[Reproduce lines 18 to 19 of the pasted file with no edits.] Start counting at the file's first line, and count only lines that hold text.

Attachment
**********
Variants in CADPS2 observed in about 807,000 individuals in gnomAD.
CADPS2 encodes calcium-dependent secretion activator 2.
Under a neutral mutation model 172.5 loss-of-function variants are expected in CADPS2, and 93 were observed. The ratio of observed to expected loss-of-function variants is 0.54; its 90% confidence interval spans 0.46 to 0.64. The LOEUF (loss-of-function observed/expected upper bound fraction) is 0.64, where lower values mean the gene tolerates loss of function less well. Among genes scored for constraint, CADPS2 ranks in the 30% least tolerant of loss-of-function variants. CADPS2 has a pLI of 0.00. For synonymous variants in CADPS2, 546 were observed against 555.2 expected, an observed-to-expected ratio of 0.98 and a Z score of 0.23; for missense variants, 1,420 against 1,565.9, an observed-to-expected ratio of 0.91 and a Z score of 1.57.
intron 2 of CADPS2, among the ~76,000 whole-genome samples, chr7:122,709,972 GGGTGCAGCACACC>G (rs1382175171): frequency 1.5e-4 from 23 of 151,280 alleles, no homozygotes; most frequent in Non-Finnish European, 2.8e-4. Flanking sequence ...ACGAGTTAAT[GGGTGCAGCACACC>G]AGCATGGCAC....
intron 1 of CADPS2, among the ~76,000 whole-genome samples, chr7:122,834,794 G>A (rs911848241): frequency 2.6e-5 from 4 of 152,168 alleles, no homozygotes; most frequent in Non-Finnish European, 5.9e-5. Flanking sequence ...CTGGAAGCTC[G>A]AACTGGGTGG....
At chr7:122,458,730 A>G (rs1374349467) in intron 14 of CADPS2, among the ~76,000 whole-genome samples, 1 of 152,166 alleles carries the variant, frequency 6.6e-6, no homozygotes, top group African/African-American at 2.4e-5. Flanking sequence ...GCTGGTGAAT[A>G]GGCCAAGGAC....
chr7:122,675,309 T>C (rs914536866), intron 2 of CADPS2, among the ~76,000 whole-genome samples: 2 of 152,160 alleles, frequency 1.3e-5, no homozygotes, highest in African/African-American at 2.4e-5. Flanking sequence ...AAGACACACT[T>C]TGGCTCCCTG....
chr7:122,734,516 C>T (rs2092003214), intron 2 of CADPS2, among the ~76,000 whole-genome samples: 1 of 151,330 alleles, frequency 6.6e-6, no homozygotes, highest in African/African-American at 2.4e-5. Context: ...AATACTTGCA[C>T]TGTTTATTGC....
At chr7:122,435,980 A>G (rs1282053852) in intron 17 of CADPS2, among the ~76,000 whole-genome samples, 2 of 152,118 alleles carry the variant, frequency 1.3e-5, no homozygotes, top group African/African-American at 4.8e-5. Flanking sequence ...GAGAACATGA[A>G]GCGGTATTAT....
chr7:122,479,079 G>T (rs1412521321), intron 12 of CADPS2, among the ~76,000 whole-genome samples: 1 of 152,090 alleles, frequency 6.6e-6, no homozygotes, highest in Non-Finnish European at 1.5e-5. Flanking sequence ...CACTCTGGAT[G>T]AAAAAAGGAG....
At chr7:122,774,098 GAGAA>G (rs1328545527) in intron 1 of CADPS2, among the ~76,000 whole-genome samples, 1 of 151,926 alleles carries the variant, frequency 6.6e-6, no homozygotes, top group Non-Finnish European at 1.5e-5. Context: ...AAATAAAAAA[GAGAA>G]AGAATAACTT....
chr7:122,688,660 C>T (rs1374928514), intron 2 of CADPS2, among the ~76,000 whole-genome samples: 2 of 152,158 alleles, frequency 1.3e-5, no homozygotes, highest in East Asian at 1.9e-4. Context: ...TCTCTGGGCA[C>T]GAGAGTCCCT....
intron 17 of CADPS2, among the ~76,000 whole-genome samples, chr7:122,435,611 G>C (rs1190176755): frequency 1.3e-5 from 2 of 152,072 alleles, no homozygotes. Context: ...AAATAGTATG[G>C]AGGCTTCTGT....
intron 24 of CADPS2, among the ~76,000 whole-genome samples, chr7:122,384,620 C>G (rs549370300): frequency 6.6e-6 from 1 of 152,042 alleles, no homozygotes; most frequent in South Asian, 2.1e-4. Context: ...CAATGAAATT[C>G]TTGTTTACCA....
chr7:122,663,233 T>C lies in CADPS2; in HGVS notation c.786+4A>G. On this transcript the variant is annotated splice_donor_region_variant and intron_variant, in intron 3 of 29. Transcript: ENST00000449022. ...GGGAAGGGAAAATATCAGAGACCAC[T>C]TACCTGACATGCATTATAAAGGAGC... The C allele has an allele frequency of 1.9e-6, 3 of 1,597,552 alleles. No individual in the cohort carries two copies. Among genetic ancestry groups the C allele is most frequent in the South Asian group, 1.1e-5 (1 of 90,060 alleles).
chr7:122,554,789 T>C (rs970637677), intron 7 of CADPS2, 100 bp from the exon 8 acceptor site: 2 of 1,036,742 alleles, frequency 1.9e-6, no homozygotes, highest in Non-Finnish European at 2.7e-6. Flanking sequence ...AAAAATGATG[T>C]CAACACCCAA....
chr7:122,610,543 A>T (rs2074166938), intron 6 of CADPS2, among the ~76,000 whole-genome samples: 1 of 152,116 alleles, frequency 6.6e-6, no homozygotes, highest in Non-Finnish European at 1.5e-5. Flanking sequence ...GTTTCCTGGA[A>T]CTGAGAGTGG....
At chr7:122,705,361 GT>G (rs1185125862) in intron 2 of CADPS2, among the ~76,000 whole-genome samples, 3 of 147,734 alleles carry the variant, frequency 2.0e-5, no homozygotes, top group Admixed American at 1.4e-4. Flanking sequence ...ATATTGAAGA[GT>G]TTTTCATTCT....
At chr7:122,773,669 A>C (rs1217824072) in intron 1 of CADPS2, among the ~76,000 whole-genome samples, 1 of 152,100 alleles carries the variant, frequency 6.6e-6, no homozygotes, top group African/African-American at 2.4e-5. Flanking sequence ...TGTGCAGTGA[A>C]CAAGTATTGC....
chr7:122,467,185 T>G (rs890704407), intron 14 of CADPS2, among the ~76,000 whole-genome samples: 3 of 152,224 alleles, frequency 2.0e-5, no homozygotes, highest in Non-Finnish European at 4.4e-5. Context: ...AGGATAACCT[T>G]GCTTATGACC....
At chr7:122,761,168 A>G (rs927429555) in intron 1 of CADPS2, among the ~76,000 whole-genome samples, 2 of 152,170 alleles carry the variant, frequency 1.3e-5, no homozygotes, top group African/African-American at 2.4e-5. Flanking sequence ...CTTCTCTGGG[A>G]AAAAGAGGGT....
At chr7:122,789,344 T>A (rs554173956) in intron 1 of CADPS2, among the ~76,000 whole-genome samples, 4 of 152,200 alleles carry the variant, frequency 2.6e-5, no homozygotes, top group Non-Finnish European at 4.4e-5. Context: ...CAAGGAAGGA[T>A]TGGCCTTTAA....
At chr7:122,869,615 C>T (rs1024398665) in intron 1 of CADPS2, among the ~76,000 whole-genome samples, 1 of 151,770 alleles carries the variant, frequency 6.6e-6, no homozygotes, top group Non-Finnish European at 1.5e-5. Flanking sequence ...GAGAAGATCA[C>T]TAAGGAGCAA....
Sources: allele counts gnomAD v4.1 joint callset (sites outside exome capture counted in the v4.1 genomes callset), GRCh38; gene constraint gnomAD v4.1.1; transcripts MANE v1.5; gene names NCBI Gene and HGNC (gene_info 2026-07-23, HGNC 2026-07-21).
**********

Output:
At chr7:122,705,361 GT>G (rs1185125862) in intron 2 of CADPS2, among the ~76,000 whole-genome samples, 3 of 147,734 alleles carry the variant, frequency 2.0e-5, no homozygotes, top group Admixed American at 1.4e-4. Flanking sequence ...ATATTGAAGA[GT>G]TTTTCATTCT....
At chr7:122,773,669 A>C (rs1217824072) in intron 1 of CADPS2, among the ~76,000 whole-genome samples, 1 of 152,100 alleles carries the variant, frequency 6.6e-6, no homozygotes, top group African/African-American at 2.4e-5. Flanking sequence ...TGTGCAGTGA[A>C]CAAGTATTGC....